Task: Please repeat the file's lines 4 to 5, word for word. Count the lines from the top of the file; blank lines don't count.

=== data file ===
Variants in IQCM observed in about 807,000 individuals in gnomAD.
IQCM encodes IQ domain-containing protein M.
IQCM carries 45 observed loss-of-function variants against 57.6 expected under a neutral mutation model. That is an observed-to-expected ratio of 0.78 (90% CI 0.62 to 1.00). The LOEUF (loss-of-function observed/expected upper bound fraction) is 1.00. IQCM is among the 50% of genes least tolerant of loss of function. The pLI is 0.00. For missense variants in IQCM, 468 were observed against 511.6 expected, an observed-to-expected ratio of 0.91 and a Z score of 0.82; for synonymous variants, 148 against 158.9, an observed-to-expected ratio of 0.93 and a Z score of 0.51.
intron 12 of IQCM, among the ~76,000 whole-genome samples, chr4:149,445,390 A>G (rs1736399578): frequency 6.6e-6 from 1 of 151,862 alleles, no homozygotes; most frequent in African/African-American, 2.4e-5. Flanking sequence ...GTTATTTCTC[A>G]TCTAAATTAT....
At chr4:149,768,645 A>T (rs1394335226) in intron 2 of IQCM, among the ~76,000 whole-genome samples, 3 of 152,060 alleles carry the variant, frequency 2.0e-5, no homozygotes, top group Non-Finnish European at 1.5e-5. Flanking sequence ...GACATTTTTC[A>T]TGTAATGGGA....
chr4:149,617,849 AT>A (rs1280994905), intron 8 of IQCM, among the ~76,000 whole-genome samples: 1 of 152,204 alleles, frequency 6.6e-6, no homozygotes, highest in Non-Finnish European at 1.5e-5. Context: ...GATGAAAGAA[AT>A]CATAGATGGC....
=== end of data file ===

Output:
intron 12 of IQCM, among the ~76,000 whole-genome samples, chr4:149,445,390 A>G (rs1736399578): frequency 6.6e-6 from 1 of 151,862 alleles, no homozygotes; most frequent in African/African-American, 2.4e-5. Flanking sequence ...GTTATTTCTC[A>G]TCTAAATTAT....
At chr4:149,768,645 A>T (rs1394335226) in intron 2 of IQCM, among the ~76,000 whole-genome samples, 3 of 152,060 alleles carry the variant, frequency 2.0e-5, no homozygotes, top group Non-Finnish European at 1.5e-5. Flanking sequence ...GACATTTTTC[A>T]TGTAATGGGA....